With apologies to Lord of the Rings scribe J.R.R. Tolkien, it's money -- not rings -- that makes the investing world go 'round. Literally. These days, thanks to the market's precipitous sell-off and see-sawing bounce-back, it's entirely possible to earn outsize returns over the long haul without taking on outsize risk.

Do tell
My preferred method: Focus on firms that can show you the money in the form of free cash flow (FCF).

Free cash flow is an excellent barometer when it comes to gauging the fiscal health of a prospective investment. Used in tandem with valuation metrics such as price-to-earnings (P/E) and price-to-sales (P/S) multiples, FCF can go a long way toward helping you narrow the vast universe of investment possibilities down to just a handful -- and perhaps even just one company, as we do just ahead -- that could warrant a spot in your portfolio, if the price is right.

FCF is relatively straightforward to calculate, too: Subtract a firm's capital expenditures from the cash it has cranked out from operations and -- voila! -- you have FCF on a silver platter. And if you don't want to show even that light work, cash flow math is exceedingly easy to come by on the Web, as with the row of no-muss, no-fuss historical information available at the bottom of this page (which will come in handy in just a bit).

Before we get too far ahead of ourselves, here are a couple of cash flow caveats to bear in mind:

  1. Smart move though it is, focusing like a laser beam on FCF will lead you toward certain kinds of companies and away from certain others. You'll need to use a different form of analysis, for example, to identify young-gun growth stocks with loads of potential but little money in the bank as yet. Such companies can play a useful role in your portfolio, but they aren't likely to make the FCF cut.
  2. Just as important as a company's ability to generate cash is what management does with the moola it cranks out. Return on equity (ROE) and return on assets (ROA) are the numbers to watch there. These metrics provide an excellent proxy for managerial acumen, revealing just how talented a team of honchos has been when it comes to wringing profits from the capital at its command.

Contenders list
With that in mind, consider that Chevron (NYSE:CVX), IBM (NYSE:IBM), ConocoPhillips (NYSE:COP), and Nokia (NYSE:NOK) all boast lengthy track records of generating gobs of FCF. Not coincidentally, they've also enriched their shareholders over the long haul, delivering market-surpassing returns for the 10 years that ended with May. The same is true of such free cash flow cows as Schlumberger (NYSE:SLB), McDonald's (NYSE:MCD), and United Technologies (NYSE:UTX).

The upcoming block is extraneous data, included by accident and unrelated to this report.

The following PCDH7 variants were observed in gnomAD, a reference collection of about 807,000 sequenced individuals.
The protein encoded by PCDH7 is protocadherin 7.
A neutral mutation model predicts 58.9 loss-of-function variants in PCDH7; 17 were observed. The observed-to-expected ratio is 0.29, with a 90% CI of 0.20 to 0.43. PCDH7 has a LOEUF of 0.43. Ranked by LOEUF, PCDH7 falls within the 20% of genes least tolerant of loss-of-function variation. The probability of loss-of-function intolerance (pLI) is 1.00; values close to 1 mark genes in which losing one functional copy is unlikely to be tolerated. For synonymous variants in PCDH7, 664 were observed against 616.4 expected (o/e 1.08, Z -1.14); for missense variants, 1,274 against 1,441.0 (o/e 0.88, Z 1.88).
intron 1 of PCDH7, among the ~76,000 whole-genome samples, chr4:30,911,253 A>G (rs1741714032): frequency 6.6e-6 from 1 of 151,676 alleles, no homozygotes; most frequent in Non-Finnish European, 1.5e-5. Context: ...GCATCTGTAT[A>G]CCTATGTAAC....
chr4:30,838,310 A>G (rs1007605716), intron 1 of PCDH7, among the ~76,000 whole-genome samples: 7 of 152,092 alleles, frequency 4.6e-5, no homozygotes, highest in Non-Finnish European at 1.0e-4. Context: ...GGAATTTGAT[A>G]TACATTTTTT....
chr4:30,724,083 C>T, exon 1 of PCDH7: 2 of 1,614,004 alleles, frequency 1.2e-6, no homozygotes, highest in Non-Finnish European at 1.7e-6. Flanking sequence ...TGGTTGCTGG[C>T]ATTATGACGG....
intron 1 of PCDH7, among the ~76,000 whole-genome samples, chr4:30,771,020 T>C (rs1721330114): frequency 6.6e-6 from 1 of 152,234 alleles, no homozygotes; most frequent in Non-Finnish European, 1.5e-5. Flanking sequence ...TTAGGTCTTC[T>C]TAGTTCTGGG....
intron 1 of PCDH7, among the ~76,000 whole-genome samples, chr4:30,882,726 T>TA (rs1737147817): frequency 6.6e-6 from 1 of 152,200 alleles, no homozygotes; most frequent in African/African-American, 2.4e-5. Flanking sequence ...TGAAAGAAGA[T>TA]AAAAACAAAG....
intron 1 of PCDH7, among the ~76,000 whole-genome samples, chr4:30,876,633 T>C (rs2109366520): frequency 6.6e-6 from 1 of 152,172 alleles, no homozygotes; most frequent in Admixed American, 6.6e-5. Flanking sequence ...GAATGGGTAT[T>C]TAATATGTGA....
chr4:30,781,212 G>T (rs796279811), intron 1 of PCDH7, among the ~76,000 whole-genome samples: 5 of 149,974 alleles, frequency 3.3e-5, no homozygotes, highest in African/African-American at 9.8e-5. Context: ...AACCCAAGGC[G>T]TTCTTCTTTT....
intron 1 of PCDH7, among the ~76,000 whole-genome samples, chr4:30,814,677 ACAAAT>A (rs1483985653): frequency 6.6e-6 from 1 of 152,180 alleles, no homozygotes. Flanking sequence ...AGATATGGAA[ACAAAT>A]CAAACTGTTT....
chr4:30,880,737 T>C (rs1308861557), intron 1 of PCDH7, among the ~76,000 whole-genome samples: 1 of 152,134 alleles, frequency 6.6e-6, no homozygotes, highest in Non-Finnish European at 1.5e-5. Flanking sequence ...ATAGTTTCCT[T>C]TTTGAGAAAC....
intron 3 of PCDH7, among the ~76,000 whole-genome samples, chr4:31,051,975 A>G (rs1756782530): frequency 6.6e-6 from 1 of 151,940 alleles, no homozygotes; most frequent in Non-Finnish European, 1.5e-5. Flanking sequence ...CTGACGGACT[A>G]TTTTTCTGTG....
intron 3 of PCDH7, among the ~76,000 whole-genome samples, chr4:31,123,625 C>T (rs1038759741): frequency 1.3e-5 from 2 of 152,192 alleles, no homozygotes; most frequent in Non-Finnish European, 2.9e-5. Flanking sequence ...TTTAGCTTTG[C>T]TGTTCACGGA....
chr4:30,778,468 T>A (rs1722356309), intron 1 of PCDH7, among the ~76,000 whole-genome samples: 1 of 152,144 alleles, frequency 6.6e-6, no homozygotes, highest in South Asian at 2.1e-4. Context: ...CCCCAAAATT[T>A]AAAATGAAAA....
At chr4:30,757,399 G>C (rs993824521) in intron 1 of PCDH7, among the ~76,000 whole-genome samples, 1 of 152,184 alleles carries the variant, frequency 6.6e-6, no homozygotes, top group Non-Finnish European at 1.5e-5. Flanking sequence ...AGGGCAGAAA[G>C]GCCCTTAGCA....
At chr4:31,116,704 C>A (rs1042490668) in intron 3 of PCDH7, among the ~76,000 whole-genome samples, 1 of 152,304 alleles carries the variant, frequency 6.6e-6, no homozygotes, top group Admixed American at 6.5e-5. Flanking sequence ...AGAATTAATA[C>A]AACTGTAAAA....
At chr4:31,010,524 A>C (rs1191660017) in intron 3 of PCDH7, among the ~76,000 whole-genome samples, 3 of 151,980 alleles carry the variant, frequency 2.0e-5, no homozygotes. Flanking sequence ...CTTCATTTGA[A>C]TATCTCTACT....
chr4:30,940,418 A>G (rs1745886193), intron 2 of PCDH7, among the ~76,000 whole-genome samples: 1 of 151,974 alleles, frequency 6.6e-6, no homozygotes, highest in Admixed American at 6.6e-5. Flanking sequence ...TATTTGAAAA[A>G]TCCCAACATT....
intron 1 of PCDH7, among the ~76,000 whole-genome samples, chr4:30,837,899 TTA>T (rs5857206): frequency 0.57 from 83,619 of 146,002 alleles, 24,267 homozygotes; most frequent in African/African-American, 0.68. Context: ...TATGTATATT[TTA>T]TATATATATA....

Bottom line: If you're looking to snap back after the drubbing we've all taken of late, all of these names are clear watch-list contenders. And get this: Despite their strong cash positions and historical showings, each currently clocks in with a P/E that falls at or below the broader market.

ConocoPhillips, which has been cut in half over the past year, is the one stock I've profiled here that could rule your portfolio, and it provides an excellent opportunity to kick the tires of FCF as an investing tool, too. Tethered as it is to a volatile commodity, the company's cash flows are predictably lumpy. (See that handy link above for all the gory details.) For valuation purposes, then, you'll want to normalize (as the pros like to say) FCF, assessing the firm's average cash flows over a period of time long enough to capture up cycles and down.

And a more telling detail for this FCF-focused commentary is price-to-cash flow (P/CF). On that metric, COP is a bargain relative to both its industry and the broader market.

The Foolish bottom line
If that kind of high-quality/dirt-cheap profile has your inner value hound baying, consider taking the Fool's Inside Value investing service for a risk-free spin. Since 2004, the service has aimed to enrich its members by focusing on what founding advisor Philip Durell indentifies as "that company trading for 50 cents on the dollar."

Sound like your cup of tea? Good deal -- literally. Click here for a free 30-day test drive of a service designed to help investors like you buy quality on the cheap.

Already subscribed to Inside Value? Log in at the top of this page.

Shannon Zimmerman does not own any stocks mentioned. Nokia is an Inside Value recommendation. You can check out the Fool's strict disclosure policy.